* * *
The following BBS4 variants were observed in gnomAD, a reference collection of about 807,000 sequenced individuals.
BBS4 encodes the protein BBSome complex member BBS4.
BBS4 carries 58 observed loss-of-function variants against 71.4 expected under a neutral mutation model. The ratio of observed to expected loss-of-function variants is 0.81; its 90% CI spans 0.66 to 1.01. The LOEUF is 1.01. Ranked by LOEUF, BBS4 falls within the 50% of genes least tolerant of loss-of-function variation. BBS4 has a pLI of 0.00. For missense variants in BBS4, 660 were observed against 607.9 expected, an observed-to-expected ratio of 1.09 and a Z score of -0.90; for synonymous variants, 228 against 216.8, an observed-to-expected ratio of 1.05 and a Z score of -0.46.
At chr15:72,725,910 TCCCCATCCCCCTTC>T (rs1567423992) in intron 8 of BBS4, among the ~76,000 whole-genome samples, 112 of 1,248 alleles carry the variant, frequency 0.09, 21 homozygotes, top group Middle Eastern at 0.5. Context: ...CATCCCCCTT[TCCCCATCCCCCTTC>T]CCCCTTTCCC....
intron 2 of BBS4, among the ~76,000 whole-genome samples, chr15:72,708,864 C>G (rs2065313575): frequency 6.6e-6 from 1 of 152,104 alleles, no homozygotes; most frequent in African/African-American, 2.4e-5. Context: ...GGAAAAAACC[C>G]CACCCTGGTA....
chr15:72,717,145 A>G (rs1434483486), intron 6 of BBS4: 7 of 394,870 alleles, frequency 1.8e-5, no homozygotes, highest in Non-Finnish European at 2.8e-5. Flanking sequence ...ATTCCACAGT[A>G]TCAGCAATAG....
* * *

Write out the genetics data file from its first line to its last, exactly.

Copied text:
The following BBS4 variants were observed in gnomAD, a reference collection of about 807,000 sequenced individuals.
BBS4 encodes the protein BBSome complex member BBS4.
BBS4 carries 58 observed loss-of-function variants against 71.4 expected under a neutral mutation model. The ratio of observed to expected loss-of-function variants is 0.81; its 90% CI spans 0.66 to 1.01. The LOEUF is 1.01. Ranked by LOEUF, BBS4 falls within the 50% of genes least tolerant of loss-of-function variation. BBS4 has a pLI of 0.00. For missense variants in BBS4, 660 were observed against 607.9 expected, an observed-to-expected ratio of 1.09 and a Z score of -0.90; for synonymous variants, 228 against 216.8, an observed-to-expected ratio of 1.05 and a Z score of -0.46.
At chr15:72,725,910 TCCCCATCCCCCTTC>T (rs1567423992) in intron 8 of BBS4, among the ~76,000 whole-genome samples, 112 of 1,248 alleles carry the variant, frequency 0.09, 21 homozygotes, top group Middle Eastern at 0.5. Context: ...CATCCCCCTT[TCCCCATCCCCCTTC>T]CCCCTTTCCC....
intron 2 of BBS4, among the ~76,000 whole-genome samples, chr15:72,708,864 C>G (rs2065313575): frequency 6.6e-6 from 1 of 152,104 alleles, no homozygotes; most frequent in African/African-American, 2.4e-5. Context: ...GGAAAAAACC[C>G]CACCCTGGTA....
chr15:72,717,145 A>G (rs1434483486), intron 6 of BBS4: 7 of 394,870 alleles, frequency 1.8e-5, no homozygotes, highest in Non-Finnish European at 2.8e-5. Flanking sequence ...ATTCCACAGT[A>G]TCAGCAATAG....